You can walk around while you’re talking. Some call this walk-and-talks. If you’re interested in being a full-time writer for the rest of your life, there’s a lot of health issues you could face sitting at a computer desk all day. There’s a lot of writers who literally have a “go bag” where they pack all of their dictation gear into one bag and then take the dogs on a long hike or go on a walk in a park. I definitely want to try this one day, strange looks included – because hello! You’re talking to yourself. People will think you’re crazy and then they won’t try to start a conversation with you. Win!

My current method involves pacing my living room. I have my laptop on an ottoman in the middle of the room and I can walk around and around and around that ottoman. Does the view get boring? Yep. But I’m too focused on the story that’s playing in my head to care.

You can ignore your inner editor. We all hate it. That voice in our heads that’s screaming at us to make every sentence perfect in your first draft. But guess what? Your inner editor can’t work while you’re dictating. If you do it correctly, you won’t even be reading what you’re saying, you’ll just be making sure it’s picking up on words (so 30 minutes of dictation aren’t wasted). If you’re not reading what you wrote, then you’re not focusing on editing.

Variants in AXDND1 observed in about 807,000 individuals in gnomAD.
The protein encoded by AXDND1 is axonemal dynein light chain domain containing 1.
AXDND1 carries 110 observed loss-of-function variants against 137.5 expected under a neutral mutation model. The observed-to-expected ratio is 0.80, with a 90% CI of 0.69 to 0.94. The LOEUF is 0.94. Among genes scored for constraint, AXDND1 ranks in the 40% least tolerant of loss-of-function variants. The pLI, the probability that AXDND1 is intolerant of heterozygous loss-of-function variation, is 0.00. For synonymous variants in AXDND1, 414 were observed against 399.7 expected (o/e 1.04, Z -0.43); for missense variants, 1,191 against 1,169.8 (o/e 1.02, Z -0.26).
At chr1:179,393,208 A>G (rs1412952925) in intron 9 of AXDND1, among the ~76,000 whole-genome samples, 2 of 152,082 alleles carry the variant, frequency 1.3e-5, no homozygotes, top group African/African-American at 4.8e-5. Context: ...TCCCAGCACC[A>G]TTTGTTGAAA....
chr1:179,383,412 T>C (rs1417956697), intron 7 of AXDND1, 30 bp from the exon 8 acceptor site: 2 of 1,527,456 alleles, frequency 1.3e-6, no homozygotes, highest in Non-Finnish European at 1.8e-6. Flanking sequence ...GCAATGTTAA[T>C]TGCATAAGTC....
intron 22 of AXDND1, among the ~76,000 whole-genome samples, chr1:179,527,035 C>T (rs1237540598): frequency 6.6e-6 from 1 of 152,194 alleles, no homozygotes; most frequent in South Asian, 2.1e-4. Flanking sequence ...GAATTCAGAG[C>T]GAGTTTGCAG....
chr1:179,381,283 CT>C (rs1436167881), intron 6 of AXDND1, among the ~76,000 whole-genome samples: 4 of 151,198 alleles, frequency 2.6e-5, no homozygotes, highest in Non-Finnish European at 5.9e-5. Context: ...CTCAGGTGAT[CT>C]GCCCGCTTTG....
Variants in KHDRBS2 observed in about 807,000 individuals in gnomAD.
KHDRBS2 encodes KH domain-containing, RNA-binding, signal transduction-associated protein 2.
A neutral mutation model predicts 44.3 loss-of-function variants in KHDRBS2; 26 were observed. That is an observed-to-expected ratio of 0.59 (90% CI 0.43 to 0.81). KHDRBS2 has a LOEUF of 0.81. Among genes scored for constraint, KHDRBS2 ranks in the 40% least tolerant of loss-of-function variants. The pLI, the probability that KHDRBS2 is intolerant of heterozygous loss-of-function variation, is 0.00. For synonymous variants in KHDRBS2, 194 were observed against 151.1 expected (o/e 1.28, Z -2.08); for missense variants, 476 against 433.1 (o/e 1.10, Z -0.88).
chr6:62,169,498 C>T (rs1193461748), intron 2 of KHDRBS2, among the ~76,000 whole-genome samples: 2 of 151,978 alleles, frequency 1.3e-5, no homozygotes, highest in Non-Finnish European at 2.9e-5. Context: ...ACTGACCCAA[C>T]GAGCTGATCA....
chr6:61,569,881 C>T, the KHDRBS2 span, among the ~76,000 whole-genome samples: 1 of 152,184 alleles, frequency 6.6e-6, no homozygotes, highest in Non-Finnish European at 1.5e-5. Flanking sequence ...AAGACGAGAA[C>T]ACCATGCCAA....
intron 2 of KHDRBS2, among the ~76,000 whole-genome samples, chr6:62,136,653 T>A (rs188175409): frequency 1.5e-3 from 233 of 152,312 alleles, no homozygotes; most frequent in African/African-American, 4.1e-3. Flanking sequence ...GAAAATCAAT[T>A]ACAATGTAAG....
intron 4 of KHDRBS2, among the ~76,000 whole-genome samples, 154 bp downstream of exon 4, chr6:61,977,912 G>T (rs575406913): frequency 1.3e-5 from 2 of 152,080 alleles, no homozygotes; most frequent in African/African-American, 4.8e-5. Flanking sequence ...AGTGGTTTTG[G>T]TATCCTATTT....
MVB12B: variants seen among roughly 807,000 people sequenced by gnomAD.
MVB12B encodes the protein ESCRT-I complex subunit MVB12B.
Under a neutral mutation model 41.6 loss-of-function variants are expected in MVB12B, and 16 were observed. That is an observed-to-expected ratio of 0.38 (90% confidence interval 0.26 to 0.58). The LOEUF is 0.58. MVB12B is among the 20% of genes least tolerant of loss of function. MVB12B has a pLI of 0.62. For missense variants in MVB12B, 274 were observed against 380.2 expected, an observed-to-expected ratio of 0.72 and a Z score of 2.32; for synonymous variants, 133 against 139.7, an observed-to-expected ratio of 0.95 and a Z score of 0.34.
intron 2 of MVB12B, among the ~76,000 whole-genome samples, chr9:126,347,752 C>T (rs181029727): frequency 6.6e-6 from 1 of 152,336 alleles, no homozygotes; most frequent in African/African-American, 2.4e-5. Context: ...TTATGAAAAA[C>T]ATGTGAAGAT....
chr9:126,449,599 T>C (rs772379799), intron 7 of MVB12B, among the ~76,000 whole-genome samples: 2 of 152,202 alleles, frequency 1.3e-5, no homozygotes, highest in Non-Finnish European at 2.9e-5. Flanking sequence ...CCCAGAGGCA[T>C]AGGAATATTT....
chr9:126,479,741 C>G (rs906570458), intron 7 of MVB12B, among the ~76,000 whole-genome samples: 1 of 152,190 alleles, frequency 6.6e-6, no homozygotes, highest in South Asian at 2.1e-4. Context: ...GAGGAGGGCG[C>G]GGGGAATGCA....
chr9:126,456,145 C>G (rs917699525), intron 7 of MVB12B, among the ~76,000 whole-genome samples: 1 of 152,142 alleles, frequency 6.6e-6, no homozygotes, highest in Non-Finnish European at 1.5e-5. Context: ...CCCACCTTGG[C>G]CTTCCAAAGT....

Sometimes I’ll hear myself say something and immediately know I’ll want to reword or change it. But I can do that later. The important thing is you’re getting your story out as well as you can and as fast as you can. My inner editor has no room in my brain while I’m dictating and that speeds up my productivity!

The cons.jpg

There’s a pretty big learning curve. A lot of us have been writing stories for quite some time. Most of us have also been typing those stories for quite some time. Transitioning from typing to speaking can be a surprisingly big leap. If you’re fast at typing, you’re probably able to think of your next line while you’re typing the first. You’ve got a rolling tally of the scenes laid out in your head.

When you’re dictating, it’s harder to do that. This usually becomes a good thing as most taters (dic-taters…yes I just did that) feel that this changes their storytelling for the better. “But you have to speak punctuation. I can’t do that!” You already type it so what’s the difference? It does take some getting used to, but even while you’re typing, you’re noting what punctuation needs to go where. It’s just become second nature to you and now you don’t think about it. Trust me, your dictation will get there too!

It can be pricey. Between buying the software and the equipment, dictation can start to get expensive. Unfortunately, there’s just not much wiggle room in this department. You can ask for a microphone for your birthday or the software for Christmas. I got lucky and was gifted both the software and the microphone at two different times, but was already prepared to purchase them myself.

Besides the software, you might find yourself wanting to purchase a longer USB cable if you want more room to walk, a preamp if you’re wanting to buy a non-USB microphone, or some kind of pop filter to improve audio quality. Money is definitely a consideration when thinking of switching to dictation.